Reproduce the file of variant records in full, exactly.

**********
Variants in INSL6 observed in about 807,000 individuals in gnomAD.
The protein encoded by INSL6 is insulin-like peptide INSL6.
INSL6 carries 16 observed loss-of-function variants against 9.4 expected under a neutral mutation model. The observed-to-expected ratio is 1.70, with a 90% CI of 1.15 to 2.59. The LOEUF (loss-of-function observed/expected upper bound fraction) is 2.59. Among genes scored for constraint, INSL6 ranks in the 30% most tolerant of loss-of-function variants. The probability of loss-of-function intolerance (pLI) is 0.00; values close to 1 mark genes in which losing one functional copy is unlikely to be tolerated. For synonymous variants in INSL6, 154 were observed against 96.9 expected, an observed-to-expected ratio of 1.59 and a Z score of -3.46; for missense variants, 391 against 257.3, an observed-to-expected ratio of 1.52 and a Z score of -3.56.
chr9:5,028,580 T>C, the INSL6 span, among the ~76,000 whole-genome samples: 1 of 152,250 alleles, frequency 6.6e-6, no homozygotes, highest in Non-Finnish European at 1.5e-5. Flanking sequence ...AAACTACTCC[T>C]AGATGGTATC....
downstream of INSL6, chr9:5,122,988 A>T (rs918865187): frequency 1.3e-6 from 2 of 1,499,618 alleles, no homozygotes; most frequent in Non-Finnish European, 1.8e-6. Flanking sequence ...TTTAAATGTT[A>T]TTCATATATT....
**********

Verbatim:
Variants in INSL6 observed in about 807,000 individuals in gnomAD.
The protein encoded by INSL6 is insulin-like peptide INSL6.
INSL6 carries 16 observed loss-of-function variants against 9.4 expected under a neutral mutation model. The observed-to-expected ratio is 1.70, with a 90% CI of 1.15 to 2.59. The LOEUF (loss-of-function observed/expected upper bound fraction) is 2.59. Among genes scored for constraint, INSL6 ranks in the 30% most tolerant of loss-of-function variants. The probability of loss-of-function intolerance (pLI) is 0.00; values close to 1 mark genes in which losing one functional copy is unlikely to be tolerated. For synonymous variants in INSL6, 154 were observed against 96.9 expected, an observed-to-expected ratio of 1.59 and a Z score of -3.46; for missense variants, 391 against 257.3, an observed-to-expected ratio of 1.52 and a Z score of -3.56.
chr9:5,028,580 T>C, the INSL6 span, among the ~76,000 whole-genome samples: 1 of 152,250 alleles, frequency 6.6e-6, no homozygotes, highest in Non-Finnish European at 1.5e-5. Flanking sequence ...AAACTACTCC[T>C]AGATGGTATC....
downstream of INSL6, chr9:5,122,988 A>T (rs918865187): frequency 1.3e-6 from 2 of 1,499,618 alleles, no homozygotes; most frequent in Non-Finnish European, 1.8e-6. Flanking sequence ...TTTAAATGTT[A>T]TTCATATATT....